Disrupting Dark Networks

Disrupting Dark NetworksAuthor: Sean F. Everton
Publisher: Cambridge, UK; New York: Cambridge University Press, 2012. 482p.
Reviewer: Anita Lavorgna | July 2013

This book promises to provide an introduction to social network analysis and to embed it in the larger strategic framework of countering so-called “dark networks,” a term which includes networks of terrorists, criminals, and insurgents. The book’s aim is “to bridge the gap between [the] theory and practice” of social network analysis in the context of rogue, illegal phenomena (xxxiii). Especially after 9/11, social network analysis has been increasingly employed as a method for understanding and disrupting dark networks (xxv). According to Sean Everton, however, despite this growing attention and the amount of useful data available, social network analysis has not yet been developed to its full potential.

Disrupting Dark Networks delivers much of what it promises. Indeed, it provides a clear and updated overview of social network analysis for intelligence purposes. It not only presents the basic concepts and strategies, but also illustrates how to choose and use the main metrics and the most important software packages for social network analysis without dwelling excessively on the technicalities. The book has the merit of explaining complex issues with accessible language, so that it can be utilized not only by specialized audiences but also by graduate students approaching social network analysis for the first time. The chapters build upon one another in a consistent and logical way, and this facilitates the book’s value also as a manual.

The major contribution of Disrupting Dark Networks is to specify the full potential of social network analysis in crafting strategies to tackle terrorist and insurgency networks; for instance, it stresses the importance of non-kinetic approaches in combating terrorism (such as the use of informants and tracking and monitoring).

The book also offers a thoughtful discussion of the limits of social network analysis, which should not be considered a “silver bullet” for countering dark networks (45), but rather as a tool for informing decision-making by law-enforcement agencies. Furthermore, in the final chapter, the author also explores the ethical dilemmas inherent in using this approach to disrupt dark networks. According to Everton, the “just war tradition” provides sufficient guidance for deploying social network analysis in making targeting decisions.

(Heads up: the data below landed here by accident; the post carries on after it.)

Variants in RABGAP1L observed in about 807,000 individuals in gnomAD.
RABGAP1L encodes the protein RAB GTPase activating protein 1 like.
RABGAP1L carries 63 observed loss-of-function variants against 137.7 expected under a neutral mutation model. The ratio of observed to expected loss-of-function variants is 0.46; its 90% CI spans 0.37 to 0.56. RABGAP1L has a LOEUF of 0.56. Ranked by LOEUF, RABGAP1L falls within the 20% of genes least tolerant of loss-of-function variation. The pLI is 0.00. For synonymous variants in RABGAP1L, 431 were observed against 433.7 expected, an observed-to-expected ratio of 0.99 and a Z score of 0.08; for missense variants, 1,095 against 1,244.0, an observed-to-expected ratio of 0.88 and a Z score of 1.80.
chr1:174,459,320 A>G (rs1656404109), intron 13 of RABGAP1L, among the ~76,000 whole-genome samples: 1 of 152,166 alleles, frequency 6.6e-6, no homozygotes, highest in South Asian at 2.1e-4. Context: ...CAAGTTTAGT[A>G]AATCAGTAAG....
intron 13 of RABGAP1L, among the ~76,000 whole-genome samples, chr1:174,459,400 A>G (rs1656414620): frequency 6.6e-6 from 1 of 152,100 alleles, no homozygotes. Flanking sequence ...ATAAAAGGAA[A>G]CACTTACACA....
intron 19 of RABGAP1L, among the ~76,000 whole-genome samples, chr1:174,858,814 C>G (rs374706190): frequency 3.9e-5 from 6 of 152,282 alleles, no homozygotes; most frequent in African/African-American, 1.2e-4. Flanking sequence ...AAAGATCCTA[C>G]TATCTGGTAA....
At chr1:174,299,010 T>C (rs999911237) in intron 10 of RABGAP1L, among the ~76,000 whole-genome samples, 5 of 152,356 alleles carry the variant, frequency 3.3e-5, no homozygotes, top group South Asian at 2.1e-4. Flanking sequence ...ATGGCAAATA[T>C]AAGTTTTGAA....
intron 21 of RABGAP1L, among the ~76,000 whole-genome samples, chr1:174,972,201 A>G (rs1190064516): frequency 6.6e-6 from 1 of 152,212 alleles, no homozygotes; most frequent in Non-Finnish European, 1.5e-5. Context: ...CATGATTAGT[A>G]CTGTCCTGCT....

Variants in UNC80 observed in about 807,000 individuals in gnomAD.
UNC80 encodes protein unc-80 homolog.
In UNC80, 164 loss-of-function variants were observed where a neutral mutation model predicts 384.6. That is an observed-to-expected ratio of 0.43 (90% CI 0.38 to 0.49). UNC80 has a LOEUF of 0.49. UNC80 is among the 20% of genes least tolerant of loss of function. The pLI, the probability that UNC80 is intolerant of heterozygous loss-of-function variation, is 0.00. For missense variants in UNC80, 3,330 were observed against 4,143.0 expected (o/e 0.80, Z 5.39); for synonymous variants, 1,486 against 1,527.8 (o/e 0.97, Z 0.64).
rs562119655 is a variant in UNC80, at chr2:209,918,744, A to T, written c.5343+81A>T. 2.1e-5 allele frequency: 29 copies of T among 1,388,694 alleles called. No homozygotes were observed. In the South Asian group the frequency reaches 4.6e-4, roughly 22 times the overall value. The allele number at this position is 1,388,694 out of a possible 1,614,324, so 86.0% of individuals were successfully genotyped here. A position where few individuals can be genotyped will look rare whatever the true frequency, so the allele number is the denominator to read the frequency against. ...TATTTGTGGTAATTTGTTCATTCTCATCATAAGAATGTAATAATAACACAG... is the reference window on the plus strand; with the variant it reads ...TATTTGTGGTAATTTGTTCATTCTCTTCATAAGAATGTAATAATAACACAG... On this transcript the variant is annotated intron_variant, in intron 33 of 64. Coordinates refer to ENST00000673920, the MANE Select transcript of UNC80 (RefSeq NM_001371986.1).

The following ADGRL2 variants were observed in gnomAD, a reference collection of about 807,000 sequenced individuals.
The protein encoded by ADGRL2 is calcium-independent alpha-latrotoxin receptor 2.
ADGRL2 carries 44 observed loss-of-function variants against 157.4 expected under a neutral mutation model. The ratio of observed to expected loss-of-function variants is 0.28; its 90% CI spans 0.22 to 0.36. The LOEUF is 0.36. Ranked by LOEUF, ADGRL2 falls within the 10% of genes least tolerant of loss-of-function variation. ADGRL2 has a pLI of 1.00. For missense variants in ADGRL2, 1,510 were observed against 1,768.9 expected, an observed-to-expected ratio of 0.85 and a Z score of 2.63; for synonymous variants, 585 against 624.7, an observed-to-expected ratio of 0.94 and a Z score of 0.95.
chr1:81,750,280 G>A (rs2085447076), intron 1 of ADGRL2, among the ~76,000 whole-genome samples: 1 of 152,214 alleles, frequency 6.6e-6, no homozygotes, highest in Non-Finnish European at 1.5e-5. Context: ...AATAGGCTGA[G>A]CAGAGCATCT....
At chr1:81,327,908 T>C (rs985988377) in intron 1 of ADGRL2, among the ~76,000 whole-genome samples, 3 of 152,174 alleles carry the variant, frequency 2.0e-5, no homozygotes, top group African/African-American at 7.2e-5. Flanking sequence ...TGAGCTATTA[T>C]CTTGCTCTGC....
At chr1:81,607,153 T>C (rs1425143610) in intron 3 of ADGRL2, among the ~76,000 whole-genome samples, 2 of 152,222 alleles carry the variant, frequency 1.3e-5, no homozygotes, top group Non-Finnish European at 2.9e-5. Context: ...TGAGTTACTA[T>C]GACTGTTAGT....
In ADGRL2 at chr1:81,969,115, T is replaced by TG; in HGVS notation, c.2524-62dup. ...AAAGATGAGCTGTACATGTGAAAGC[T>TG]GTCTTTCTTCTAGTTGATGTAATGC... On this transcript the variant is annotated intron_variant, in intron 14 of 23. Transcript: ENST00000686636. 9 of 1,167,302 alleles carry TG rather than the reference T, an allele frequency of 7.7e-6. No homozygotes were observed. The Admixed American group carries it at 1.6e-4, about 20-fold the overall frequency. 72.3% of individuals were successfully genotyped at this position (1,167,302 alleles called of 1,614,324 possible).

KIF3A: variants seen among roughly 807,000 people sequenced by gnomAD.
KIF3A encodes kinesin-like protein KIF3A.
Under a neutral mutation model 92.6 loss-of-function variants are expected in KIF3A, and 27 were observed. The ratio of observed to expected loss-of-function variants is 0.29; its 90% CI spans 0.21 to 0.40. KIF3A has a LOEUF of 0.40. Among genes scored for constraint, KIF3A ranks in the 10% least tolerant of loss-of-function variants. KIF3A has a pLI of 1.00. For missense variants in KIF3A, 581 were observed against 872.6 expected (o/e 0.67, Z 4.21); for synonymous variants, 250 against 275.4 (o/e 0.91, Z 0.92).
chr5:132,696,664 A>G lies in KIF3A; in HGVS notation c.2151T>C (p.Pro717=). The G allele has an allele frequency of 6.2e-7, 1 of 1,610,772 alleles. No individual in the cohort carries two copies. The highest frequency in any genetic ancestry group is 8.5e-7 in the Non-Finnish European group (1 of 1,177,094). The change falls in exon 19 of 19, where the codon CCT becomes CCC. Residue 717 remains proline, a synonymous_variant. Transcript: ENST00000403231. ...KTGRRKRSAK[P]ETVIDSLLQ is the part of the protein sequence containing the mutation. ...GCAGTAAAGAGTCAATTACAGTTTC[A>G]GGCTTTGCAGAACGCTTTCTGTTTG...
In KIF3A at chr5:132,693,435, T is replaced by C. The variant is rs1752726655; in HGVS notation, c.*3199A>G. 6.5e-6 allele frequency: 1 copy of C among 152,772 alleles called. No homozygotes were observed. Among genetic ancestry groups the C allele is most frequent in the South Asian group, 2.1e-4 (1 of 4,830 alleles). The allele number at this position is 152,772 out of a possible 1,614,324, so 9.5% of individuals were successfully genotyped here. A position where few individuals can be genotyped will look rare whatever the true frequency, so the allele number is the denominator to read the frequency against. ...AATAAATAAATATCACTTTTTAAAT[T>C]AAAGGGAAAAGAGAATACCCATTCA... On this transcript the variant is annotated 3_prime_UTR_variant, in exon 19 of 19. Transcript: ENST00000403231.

There is, however, a major shortcoming with the book. Dark networks are defined throughout in a broad way, but in practice Everton considers only terrorist networks in his analysis. There is virtually no reference to the growing use of social network approaches in the criminological literature on organized crime. This may be because the author uses the Asian terrorist network Noordin Top as a running example throughout the volume. Although this example is extremely useful for illustrating the practical aspects of social network analysis, it inevitably limits the scope of the book. Moreover, the title does not adequately reflect the book’s content and may confound readers’ expectations: the book is more a manual on the use of social network analysis than an analysis of dark networks in general. Indeed, it is part of the series “Structural Analysis in the Social Sciences,” which is designed to bring together the works of scholars from different backgrounds employing structural approaches in different subject areas. An explanatory subtitle would have been helpful for someone contemplating buying or otherwise utilizing this volume.

Overall, Disrupting Dark Networks offers not only a critical and well-informed overview of social network theories and techniques, but also a critical reflection on counter-insurgency and counter-terrorism. It is certainly a valuable reference for scholars in the field.

Anita Lavorgna, School of International Studies, University of Trento (Italy)

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